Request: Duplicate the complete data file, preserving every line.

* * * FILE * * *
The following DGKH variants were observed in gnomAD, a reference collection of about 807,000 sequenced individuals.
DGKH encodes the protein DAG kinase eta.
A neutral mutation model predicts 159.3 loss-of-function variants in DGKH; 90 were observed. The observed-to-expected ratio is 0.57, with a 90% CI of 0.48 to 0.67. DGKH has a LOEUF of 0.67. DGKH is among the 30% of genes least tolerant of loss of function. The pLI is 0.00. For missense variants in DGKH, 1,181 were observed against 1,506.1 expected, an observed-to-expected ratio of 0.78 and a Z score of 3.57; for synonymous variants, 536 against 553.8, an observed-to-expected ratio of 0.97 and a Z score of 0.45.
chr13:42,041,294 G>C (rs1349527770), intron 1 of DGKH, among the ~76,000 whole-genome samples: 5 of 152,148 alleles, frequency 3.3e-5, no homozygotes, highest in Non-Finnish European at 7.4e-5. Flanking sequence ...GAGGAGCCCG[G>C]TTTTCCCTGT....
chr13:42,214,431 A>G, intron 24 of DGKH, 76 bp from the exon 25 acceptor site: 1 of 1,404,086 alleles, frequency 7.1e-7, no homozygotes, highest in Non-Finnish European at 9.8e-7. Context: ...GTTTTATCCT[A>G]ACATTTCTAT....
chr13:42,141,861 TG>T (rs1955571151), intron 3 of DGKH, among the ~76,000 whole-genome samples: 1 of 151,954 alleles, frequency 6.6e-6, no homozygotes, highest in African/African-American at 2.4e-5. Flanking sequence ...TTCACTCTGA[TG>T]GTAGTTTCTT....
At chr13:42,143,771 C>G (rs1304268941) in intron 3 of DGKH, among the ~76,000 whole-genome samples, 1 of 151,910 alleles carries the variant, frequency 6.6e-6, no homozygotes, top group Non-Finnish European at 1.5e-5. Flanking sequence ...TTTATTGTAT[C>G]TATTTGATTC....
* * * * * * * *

The following DGKH variants were observed in gnomAD, a reference collection of about 807,000 sequenced individuals.
DGKH encodes the protein DAG kinase eta.
A neutral mutation model predicts 159.3 loss-of-function variants in DGKH; 90 were observed. The observed-to-expected ratio is 0.57, with a 90% CI of 0.48 to 0.67. DGKH has a LOEUF of 0.67. DGKH is among the 30% of genes least tolerant of loss of function. The pLI is 0.00. For missense variants in DGKH, 1,181 were observed against 1,506.1 expected, an observed-to-expected ratio of 0.78 and a Z score of 3.57; for synonymous variants, 536 against 553.8, an observed-to-expected ratio of 0.97 and a Z score of 0.45.
chr13:42,041,294 G>C (rs1349527770), intron 1 of DGKH, among the ~76,000 whole-genome samples: 5 of 152,148 alleles, frequency 3.3e-5, no homozygotes, highest in Non-Finnish European at 7.4e-5. Flanking sequence ...GAGGAGCCCG[G>C]TTTTCCCTGT....
chr13:42,214,431 A>G, intron 24 of DGKH, 76 bp from the exon 25 acceptor site: 1 of 1,404,086 alleles, frequency 7.1e-7, no homozygotes, highest in Non-Finnish European at 9.8e-7. Context: ...GTTTTATCCT[A>G]ACATTTCTAT....
chr13:42,141,861 TG>T (rs1955571151), intron 3 of DGKH, among the ~76,000 whole-genome samples: 1 of 151,954 alleles, frequency 6.6e-6, no homozygotes, highest in African/African-American at 2.4e-5. Flanking sequence ...TTCACTCTGA[TG>T]GTAGTTTCTT....
At chr13:42,143,771 C>G (rs1304268941) in intron 3 of DGKH, among the ~76,000 whole-genome samples, 1 of 151,910 alleles carries the variant, frequency 6.6e-6, no homozygotes, top group Non-Finnish European at 1.5e-5. Flanking sequence ...TTTATTGTAT[C>G]TATTTGATTC....